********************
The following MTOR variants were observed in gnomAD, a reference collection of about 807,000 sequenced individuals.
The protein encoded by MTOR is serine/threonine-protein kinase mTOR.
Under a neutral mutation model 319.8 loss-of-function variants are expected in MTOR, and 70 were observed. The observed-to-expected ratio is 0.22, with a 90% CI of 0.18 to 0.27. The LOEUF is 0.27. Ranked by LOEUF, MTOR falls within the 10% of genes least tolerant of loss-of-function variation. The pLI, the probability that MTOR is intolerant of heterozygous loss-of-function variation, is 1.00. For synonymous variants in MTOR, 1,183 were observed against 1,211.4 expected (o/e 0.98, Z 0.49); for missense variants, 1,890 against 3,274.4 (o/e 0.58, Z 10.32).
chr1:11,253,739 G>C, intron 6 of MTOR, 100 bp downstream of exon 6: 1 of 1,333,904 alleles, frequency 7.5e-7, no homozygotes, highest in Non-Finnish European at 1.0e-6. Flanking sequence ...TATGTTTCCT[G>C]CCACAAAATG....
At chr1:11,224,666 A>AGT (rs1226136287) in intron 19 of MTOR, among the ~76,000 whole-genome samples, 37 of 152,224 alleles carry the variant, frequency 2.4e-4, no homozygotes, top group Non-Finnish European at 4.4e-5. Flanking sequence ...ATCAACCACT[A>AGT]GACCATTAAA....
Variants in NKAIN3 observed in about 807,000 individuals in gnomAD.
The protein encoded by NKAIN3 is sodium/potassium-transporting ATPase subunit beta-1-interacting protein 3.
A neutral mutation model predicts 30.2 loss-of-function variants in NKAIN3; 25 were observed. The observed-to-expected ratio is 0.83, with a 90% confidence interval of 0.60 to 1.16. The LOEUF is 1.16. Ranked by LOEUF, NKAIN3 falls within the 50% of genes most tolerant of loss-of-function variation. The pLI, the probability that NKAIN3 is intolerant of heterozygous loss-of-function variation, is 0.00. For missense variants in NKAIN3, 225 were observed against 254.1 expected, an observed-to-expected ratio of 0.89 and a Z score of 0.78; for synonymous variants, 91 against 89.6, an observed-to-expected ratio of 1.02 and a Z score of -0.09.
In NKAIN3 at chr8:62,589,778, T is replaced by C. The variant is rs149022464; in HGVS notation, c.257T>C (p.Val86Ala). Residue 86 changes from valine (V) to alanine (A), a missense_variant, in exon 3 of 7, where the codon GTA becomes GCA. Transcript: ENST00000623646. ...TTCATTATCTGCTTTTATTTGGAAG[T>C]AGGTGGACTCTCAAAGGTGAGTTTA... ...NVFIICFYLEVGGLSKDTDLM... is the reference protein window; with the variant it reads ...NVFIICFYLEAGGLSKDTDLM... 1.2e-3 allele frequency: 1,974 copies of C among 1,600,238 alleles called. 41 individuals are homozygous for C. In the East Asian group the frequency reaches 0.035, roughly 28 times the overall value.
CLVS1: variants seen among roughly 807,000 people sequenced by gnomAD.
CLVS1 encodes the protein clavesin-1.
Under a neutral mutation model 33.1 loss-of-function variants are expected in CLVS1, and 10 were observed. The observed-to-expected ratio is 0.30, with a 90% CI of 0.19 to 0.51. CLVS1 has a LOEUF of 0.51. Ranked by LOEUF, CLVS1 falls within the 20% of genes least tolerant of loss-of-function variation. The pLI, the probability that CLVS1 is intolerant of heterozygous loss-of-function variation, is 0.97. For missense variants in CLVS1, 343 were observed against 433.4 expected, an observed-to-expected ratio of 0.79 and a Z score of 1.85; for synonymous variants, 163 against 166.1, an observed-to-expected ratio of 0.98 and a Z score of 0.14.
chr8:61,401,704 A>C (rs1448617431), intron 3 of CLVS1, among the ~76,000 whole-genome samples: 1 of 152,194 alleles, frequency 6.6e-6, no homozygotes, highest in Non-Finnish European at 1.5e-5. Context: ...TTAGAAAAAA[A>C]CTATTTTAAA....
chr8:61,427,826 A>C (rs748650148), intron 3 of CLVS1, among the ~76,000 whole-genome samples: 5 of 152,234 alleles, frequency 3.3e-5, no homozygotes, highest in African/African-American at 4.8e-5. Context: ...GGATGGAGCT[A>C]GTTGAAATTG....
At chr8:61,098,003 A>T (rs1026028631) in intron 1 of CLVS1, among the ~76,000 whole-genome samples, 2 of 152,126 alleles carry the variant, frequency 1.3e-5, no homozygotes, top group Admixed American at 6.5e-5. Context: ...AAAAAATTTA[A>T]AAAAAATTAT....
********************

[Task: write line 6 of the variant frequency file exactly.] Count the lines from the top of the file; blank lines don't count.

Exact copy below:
Variants in NKAIN3 observed in about 807,000 individuals in gnomAD.